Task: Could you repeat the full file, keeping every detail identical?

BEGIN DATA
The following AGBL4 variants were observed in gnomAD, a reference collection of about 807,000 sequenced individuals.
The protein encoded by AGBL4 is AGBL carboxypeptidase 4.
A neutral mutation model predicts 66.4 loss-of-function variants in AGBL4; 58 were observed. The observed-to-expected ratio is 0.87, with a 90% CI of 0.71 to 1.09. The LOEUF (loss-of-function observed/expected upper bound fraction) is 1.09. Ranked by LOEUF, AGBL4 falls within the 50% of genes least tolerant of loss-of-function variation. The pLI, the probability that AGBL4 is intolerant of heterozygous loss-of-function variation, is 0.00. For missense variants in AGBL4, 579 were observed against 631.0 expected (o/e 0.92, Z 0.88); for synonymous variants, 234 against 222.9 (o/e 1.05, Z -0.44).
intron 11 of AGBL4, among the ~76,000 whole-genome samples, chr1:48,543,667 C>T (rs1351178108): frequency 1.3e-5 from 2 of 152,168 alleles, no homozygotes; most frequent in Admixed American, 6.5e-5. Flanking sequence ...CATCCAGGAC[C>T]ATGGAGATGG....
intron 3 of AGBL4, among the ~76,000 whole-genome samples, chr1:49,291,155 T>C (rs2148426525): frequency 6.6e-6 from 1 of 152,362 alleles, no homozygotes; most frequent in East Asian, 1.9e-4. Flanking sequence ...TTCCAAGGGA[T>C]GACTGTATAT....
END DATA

The following AGBL4 variants were observed in gnomAD, a reference collection of about 807,000 sequenced individuals.
The protein encoded by AGBL4 is AGBL carboxypeptidase 4.
A neutral mutation model predicts 66.4 loss-of-function variants in AGBL4; 58 were observed. The observed-to-expected ratio is 0.87, with a 90% CI of 0.71 to 1.09. The LOEUF (loss-of-function observed/expected upper bound fraction) is 1.09. Ranked by LOEUF, AGBL4 falls within the 50% of genes least tolerant of loss-of-function variation. The pLI, the probability that AGBL4 is intolerant of heterozygous loss-of-function variation, is 0.00. For missense variants in AGBL4, 579 were observed against 631.0 expected (o/e 0.92, Z 0.88); for synonymous variants, 234 against 222.9 (o/e 1.05, Z -0.44).
intron 11 of AGBL4, among the ~76,000 whole-genome samples, chr1:48,543,667 C>T (rs1351178108): frequency 1.3e-5 from 2 of 152,168 alleles, no homozygotes; most frequent in Admixed American, 6.5e-5. Flanking sequence ...CATCCAGGAC[C>T]ATGGAGATGG....
intron 3 of AGBL4, among the ~76,000 whole-genome samples, chr1:49,291,155 T>C (rs2148426525): frequency 6.6e-6 from 1 of 152,362 alleles, no homozygotes; most frequent in East Asian, 1.9e-4. Flanking sequence ...TTCCAAGGGA[T>C]GACTGTATAT....